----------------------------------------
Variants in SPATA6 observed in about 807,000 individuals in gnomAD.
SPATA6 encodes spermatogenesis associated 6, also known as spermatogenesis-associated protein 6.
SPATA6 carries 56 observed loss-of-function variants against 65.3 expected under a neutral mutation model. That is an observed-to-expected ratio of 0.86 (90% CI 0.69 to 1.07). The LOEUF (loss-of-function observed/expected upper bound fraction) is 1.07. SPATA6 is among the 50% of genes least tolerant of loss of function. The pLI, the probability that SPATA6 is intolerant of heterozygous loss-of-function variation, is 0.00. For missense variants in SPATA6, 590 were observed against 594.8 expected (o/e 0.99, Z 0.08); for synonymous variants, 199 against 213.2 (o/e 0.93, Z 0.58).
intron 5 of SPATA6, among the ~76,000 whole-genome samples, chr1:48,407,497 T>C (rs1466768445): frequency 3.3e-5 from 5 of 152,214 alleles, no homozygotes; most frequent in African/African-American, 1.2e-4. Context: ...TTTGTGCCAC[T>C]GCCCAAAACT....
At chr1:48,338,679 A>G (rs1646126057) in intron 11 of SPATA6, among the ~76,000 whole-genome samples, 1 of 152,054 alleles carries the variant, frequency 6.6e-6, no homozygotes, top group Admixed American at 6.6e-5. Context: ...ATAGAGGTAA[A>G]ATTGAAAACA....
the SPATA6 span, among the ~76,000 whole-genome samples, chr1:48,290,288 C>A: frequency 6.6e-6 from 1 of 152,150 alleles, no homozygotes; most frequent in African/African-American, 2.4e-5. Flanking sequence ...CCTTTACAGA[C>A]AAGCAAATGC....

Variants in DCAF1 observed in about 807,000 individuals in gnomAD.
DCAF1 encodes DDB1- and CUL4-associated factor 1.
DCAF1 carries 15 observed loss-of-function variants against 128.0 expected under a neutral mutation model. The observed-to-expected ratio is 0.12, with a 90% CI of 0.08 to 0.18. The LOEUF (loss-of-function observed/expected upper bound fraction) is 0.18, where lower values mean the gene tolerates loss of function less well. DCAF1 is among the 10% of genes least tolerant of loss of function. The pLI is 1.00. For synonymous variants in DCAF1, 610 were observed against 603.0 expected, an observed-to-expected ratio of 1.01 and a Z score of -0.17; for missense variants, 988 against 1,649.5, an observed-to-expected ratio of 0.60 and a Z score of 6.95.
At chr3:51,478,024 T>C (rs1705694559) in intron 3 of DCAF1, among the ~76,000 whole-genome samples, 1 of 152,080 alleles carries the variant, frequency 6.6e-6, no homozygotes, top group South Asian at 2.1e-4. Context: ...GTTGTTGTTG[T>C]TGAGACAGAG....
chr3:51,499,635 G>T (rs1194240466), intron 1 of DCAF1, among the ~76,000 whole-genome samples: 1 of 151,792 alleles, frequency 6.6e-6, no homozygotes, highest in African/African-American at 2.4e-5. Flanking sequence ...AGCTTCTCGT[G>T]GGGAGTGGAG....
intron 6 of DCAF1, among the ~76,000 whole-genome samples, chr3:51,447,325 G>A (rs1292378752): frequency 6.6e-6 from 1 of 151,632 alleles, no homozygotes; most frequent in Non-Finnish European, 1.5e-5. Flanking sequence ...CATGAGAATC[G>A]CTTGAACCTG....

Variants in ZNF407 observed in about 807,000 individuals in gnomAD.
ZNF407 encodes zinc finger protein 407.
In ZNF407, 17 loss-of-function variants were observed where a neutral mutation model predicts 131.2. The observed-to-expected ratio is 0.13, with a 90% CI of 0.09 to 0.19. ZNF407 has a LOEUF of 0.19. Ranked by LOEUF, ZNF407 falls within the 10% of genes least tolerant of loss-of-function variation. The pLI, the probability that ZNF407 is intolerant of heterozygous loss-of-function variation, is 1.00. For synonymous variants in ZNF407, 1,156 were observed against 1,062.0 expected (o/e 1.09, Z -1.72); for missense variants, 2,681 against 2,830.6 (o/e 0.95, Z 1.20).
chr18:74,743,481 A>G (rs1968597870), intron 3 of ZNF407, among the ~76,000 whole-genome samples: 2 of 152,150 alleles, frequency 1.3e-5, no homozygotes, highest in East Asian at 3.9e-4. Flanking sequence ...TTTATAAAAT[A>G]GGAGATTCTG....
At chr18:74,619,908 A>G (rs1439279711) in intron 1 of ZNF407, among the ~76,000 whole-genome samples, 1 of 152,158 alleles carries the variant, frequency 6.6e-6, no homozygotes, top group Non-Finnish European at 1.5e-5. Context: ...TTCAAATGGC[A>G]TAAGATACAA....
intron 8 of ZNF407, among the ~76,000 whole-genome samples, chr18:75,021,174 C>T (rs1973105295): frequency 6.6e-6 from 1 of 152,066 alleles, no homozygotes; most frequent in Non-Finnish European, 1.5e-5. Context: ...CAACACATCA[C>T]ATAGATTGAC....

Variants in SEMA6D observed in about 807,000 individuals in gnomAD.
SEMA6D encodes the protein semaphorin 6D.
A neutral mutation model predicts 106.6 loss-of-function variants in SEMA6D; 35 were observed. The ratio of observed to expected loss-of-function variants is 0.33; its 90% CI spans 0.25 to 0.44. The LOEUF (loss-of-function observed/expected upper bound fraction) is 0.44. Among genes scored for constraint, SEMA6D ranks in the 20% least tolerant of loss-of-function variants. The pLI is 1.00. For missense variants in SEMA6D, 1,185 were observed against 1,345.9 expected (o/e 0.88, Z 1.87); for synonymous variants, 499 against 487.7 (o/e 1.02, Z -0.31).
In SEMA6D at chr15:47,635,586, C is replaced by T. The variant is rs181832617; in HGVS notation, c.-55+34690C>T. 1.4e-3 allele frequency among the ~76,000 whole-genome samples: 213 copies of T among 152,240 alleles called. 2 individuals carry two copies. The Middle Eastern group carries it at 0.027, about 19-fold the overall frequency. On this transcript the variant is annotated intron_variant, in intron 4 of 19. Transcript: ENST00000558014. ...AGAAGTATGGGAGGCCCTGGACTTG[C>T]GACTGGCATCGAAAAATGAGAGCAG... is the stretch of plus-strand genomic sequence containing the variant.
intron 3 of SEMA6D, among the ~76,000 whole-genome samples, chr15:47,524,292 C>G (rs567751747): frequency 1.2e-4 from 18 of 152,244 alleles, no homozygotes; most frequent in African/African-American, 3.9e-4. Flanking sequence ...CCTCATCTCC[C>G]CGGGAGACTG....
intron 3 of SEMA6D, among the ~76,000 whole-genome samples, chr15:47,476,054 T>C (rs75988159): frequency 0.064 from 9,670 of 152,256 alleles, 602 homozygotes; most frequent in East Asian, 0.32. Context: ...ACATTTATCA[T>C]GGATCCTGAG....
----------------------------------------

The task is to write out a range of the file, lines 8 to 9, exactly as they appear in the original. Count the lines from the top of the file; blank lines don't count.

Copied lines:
DCAF1 encodes DDB1- and CUL4-associated factor 1.
DCAF1 carries 15 observed loss-of-function variants against 128.0 expected under a neutral mutation model. The observed-to-expected ratio is 0.12, with a 90% CI of 0.08 to 0.18. The LOEUF (loss-of-function observed/expected upper bound fraction) is 0.18, where lower values mean the gene tolerates loss of function less well. DCAF1 is among the 10% of genes least tolerant of loss of function. The pLI is 1.00. For synonymous variants in DCAF1, 610 were observed against 603.0 expected, an observed-to-expected ratio of 1.01 and a Z score of -0.17; for missense variants, 988 against 1,649.5, an observed-to-expected ratio of 0.60 and a Z score of 6.95.